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a concerted eff ort from Gorman, who put in a huge burst at the start of the lap, gaining a 10-metre lead on the rest of the fi eld. But it was short-lived, with the leading pack hunting her down within 500 metres, and pushing her back into eighth place. Gorman never regained the lead. Lap four was the make-or-break 1.7km section of the race, with

an expectant home nation hoping Payne could triumph, just as she had at the 2011 World Championships in Shanghai. Hopes were especially high, because Payne entered the race as the clear favourite. Up to lap four, she had been continually vying for the lead, and heading into the feeding station she was now the clear leader. Mark Perry was acting team manager for the race, and was positioned at the far end of the pontoon. As Payne reached for her bot le from a specially made feeding pole, she missed it, but rather than carrying on and accepting she would not feed on that lap, she stopped and grasped again for the bot le. This time Payne managed to get a mouthful, but unfortunately this second of deliberation cost her dear, as she was forced back into eighth place. However, Payne clawed her way back to fi ſt h position by the start of lap fi ve, the penultimate lap. With just over 3km to go, Risztov picked up the pace, which spread the fi eld, resulting in a fi ve-strong lead pack consisting of Payne, Risztov, Maurer, Anderson and Martina Grimaldi (Italy), with the chasing pack lead by Jana Pechanová (Czech Republic) and Gorman. It had been clear to me from as early as the second lap, that Risztov was a strong contender for the gold medal, but now it was obvious she was swimming to win. She surged away, put ing fi ve metres of wash between her and the four others, who were now leſt to scrap for a podium fi nish. Risztov (pictured below right) retained the lead throughout laps

fi ve and six, maintaining an outstanding pace. Meanwhile, the gap between the leading pack and the rest of the fi eld opened up to a yawning 50 metres. Although the fi nal 600 metres saw Anderson put in a valiant eff ort to overpower the Hungarian, it was too lit le, too late. Risztov took the gold in a time of 1:57:38.2, Anderson (1:57:38.6) won silver and Grimaldi (1.57.41) held off a disappointed Payne to win the bronze. Maurer was placed fi ſt h. The 10km men had watched this thrilling race unfold from

lakeside, and the next day it was their turn to take to the Serpentine – and I was excited to be back in the commentary boat. There was an air of anticipation before the race; no one could predict how it would end. A year ago, the main contenders would have been the gold and silver World Championship medalists, Spyridon Gianniotis (Greece) and the nine-time world champion Thomas Lurz (Germany). But there was a newcomer on the scene, in the form of Oussama Mellouli (Tunisia), who'd already won a bronze in the 1,500m pool event earlier in the week, and had won the second Olympic qualifi cation trial in Portugal a month before. From the fi rst 100 metres it was Mellouli who took charge of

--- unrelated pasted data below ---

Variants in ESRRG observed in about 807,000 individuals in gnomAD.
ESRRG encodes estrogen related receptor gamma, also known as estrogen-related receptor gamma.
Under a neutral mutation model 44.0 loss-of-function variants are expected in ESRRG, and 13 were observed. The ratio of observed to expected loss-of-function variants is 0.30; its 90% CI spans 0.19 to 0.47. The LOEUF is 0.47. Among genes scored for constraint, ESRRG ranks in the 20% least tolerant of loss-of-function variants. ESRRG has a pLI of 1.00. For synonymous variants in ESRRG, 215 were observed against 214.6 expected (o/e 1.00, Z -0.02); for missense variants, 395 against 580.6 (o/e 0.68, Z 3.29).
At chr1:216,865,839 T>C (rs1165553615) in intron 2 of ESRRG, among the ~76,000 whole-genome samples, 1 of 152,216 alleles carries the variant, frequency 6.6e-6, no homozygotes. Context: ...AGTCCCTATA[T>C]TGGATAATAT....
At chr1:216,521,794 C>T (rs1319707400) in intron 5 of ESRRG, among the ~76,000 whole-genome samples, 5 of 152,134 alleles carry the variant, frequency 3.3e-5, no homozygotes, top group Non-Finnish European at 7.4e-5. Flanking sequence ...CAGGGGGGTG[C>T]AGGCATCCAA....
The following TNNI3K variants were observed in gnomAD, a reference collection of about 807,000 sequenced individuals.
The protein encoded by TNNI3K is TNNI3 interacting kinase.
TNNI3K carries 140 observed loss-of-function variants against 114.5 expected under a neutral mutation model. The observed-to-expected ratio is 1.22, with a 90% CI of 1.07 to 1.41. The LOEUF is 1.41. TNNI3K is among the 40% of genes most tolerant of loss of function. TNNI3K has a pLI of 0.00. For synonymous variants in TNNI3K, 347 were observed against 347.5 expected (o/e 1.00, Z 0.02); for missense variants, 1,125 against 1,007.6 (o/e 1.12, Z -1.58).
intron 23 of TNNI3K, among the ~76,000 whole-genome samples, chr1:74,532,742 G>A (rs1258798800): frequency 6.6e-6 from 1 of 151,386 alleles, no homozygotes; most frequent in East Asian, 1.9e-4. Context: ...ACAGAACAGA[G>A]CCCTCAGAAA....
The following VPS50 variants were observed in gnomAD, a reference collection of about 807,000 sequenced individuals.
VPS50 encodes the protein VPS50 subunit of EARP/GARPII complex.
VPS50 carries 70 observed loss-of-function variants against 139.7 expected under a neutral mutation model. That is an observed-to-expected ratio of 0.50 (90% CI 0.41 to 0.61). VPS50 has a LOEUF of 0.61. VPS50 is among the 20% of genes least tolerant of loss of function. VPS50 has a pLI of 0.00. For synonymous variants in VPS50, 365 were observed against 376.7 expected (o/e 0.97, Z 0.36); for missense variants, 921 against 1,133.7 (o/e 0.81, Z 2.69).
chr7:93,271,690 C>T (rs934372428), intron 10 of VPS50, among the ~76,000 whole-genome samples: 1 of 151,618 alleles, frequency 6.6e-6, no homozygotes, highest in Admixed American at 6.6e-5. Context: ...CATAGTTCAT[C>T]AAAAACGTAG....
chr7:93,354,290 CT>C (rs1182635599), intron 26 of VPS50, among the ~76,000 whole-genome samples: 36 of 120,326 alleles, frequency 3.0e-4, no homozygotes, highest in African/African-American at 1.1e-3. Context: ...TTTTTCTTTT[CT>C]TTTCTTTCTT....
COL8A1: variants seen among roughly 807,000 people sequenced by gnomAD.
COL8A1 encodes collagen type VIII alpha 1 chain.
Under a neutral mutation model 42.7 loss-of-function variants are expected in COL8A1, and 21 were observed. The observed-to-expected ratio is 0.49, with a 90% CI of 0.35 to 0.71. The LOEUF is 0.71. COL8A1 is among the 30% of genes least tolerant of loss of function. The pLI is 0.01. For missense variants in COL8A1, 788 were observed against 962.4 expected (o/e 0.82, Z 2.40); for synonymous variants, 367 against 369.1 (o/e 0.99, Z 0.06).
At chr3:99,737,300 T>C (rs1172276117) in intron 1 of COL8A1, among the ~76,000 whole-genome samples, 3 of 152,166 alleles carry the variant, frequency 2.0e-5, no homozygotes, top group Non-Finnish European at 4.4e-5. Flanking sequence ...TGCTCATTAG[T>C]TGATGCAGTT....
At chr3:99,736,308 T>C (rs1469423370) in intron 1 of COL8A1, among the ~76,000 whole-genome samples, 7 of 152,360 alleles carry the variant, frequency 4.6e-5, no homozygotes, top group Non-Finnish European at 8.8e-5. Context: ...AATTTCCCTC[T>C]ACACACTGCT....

the race. He looked comfortable in the lead, with a low stroke rate and virtually no leg kick, while the rest of the pack fought it out behind him. Early on, Great Britain's Daniel Fogg showed signs


Photo © Wei-Feng Xue 19

of swimming a great race, and lay in third place, behind Richard Weinberger (Canada) and Mellouli, aſt er the fi rst lap. Mellouli does not have a vast wealth of experience of open water swimming, but he manipulated the pack like a pro. He was clearly at ease with upping his pace at the drop of a swimming cap, a tactic he used to string out the pack. When he felt he had suffi ciently ruffl ed enough feathers, he rolled on to his back and proceeded to swim backstroke. It was impressive to watch; Mellouli was playing cat and mouse with the best open water swimmers in the world. However, at the end of the second lap it was Andreas Waschburger (Germany) who had taken the lead, with Mellouli slipping back to sixth and Fogg back in 13th. As with the women's race, it was the third lap where the swimmers tried to make early breaks. Weinberger took a convincing lead, which he held for the majority of the lap, entering the carnage of the feeding station with clear water behind him. Unlike the following fi ve swimmers, Weinberger decided not to feed, but instead of using this to his advantage and furthering his lead, he stopped and waited until Mellouli and Lurz had caught him up. I exchanged puzzled looks with my fellow commentators; none of us had ever seen anything like it – why had he passed up a golden opportunity to pull away? By the end of that lap Weinberger lay in sixth place. With two to go, Mellouli made his move, and it was to prove decisive. At the start of lap fi ve he was in third position, completing that lap in 18.34, but as we saw with Risztov the day before, his swimming style now changed. The lazy stroke was quickened and he brought in a six-beat leg kick, and with that he pulled away from the pack, who were leſt fl oundering in his wake. Lurz, Weinberger and Gianniotis had no answer, as Mellouli extended his lead. His splits between laps four and fi ve are unprecedented, dropping from 18.34 to 17.45. Swimming past the grandstand for the last time, Mellouli had a

four-second advantage over Lurz and Weinberger who were neck and neck. Gianniotis was trying in vain to pull back in to a medal position. Gold went to Mellouli in 1.49.55, silver was won by Lurz (1.49.58), while Richard Weinberger (1.50.3) bagged bronze. Fogg had a storming fi nish, moving up from 16th to fi nish fi ſt h. The world's eyes may no longer be on London, but fantastic memories remain. Medals were won and lost and dreams made and shat ered, and open water swimming played its part in making London 2012 one of the best ever Games. 

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